Nutritional Assessment in a Cat with Congestive Heart Failure

Lisa M. Freeman, DVM, PhD, DACVN, Tufts University

Kara M. Burns, MS, MEd, LVT, VTS (Nutrition), Olathe, Kansas

Gregg K. Takashima, DVM, WSAVA Global Nutrition Committee Series Editor

Nutrition|August 2016|Peer Reviewed

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Nutritional Assessment in a Cat with Congestive Heart Failure

THE CASE

A 10-year-old neutered male domestic shorthaired cat was presented to the emergency room for tachypnea and dyspnea. The cat had previously been healthy, was up-to-date on vaccinations, lived indoors, and was the only animal in the household. On presentation, the cat had a heart rate of 240 bpm, respiratory rate of 68 breaths/minute, weak pulses, and body temperature of 99ºF (37.2ºC). Crackles, muffled heart sounds, and a cardiac gallop were auscultated. The cat’s body weight was 5.3 kg, his BCS was 5/9, and he had normal muscle condition.

Furosemide was administered at 10 mg SC (1.9 mg/kg), and the cat was placed in an oxygen cage. When the cat was breathing more comfortably after a second dose of 10 mg furosemide SC, thoracic radiographs were taken and showed perihilar edema and mild pleural effusion.  

Related Article: Heart Disease: Diagnosis & Treatment

Dietary History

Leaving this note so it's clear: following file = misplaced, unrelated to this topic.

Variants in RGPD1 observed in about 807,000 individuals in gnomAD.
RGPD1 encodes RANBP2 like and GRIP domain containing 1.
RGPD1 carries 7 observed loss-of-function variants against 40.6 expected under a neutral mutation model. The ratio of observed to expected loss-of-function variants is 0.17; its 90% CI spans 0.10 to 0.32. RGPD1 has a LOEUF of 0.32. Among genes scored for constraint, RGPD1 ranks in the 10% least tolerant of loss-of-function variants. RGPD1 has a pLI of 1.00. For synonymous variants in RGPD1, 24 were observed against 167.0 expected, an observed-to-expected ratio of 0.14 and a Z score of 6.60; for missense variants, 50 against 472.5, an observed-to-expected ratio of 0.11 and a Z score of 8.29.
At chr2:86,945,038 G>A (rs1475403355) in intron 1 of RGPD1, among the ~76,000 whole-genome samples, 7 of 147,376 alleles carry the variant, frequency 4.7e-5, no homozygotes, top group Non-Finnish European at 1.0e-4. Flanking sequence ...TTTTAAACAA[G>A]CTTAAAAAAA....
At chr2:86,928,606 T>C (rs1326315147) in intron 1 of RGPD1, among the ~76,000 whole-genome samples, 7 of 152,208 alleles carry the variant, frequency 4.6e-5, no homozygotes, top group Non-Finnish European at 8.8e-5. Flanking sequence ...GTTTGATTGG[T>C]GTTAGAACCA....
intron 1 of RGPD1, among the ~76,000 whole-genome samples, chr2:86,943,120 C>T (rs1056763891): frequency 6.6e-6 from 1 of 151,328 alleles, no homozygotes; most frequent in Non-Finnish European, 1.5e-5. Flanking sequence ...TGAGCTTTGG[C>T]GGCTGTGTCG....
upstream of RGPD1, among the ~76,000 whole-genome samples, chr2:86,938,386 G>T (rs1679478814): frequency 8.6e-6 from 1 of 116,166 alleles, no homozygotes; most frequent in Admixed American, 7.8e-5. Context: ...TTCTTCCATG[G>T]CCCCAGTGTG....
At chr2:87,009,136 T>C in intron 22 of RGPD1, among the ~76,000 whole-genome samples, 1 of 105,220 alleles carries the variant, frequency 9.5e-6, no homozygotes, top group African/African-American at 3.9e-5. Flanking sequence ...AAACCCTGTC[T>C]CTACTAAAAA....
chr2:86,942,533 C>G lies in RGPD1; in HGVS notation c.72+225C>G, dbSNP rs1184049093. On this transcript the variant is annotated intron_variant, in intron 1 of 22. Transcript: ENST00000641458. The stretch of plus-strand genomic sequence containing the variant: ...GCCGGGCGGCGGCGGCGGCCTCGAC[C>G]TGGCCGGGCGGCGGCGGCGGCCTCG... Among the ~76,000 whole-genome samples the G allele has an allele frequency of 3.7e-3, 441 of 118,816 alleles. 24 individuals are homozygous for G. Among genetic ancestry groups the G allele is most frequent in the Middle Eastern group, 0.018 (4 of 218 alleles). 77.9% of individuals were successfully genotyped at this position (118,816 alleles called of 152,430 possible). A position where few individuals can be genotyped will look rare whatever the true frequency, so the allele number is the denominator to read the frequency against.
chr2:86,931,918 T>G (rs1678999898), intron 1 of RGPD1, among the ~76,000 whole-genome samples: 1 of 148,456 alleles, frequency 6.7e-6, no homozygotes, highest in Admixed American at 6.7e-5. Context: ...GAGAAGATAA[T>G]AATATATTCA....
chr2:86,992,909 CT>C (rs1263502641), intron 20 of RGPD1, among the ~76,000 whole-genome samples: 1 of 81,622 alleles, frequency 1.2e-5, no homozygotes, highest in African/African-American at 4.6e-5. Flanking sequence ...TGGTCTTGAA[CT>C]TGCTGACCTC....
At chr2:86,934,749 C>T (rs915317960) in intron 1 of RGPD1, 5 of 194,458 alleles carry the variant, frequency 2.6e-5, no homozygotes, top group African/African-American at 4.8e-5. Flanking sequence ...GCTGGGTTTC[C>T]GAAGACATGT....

The owner reported that the cat was fed varying flavors of a commercial cat food (1 pouch 2 times a day) for the past year. The diet history also showed that the cat received no treats, table food, supplements, dental chews, or other foods. A review of the cat food revealed that it was manufactured by a small company and had the following nutritional adequacy statement: “[Brand X] was formulated to meet the nutritional levels established by the Association of American Feed Control Officials (AAFCO) Cat Food Nutrient Profiles for all life stages.” Ingredients listed were “organs (liver, lung, and kidney from beef, pork, and lamb); water sufficient for processing; lamb; starch; potato; calcium.”  

Hypertrophic cardiomyopathy was suspected, but an echocardiogram performed the next day showed a dilated, hypocontractile left ventricle and a markedly enlarged left atrium (ie, dilated cardiomyopathy [DCM]). Although most current cases of DCM appear to be taurine-independent, the combination of DCM and the cat’s diet made taurine deficiency a possible factor.  

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DIAGNOSIS:

DILATED CARDIOMYOPATHY 

Further Testing

Plasma and whole blood samples were submitted for determination of taurine concentrations, and cardiac medications and taurine supplementation were initiated. The cat’s diet was analyzed for selected nutrients, and results obtained 2 weeks later showed that the diet was deficient in taurine, as well as in calcium, phosphorus, manganese, potassium, zinc, and thiamine. Plasma (14 nmol/mL; range, 80-120 nmol/mL) and whole blood (67 nmol/mL; range, 300-600 nmol/mL) taurine concentrations were both below the reference range.

Treatment & Follow Up

The cat was discharged from the hospital after 3 days with pimobendan (1.25 mg PO twice a day), furosemide (6.25 mg PO once a day), clopidogrel (18.75 mg PO once a day), and taurine (250 mg PO twice a day, using an independently tested brand to ensure good quality control1). Instructions to feed a specific good-quality, low-sodium diet (canned and dry) were provided to the owner, as were the reasoning behind the recommendation and more objective ways to select a good-quality diet.

RESOURCES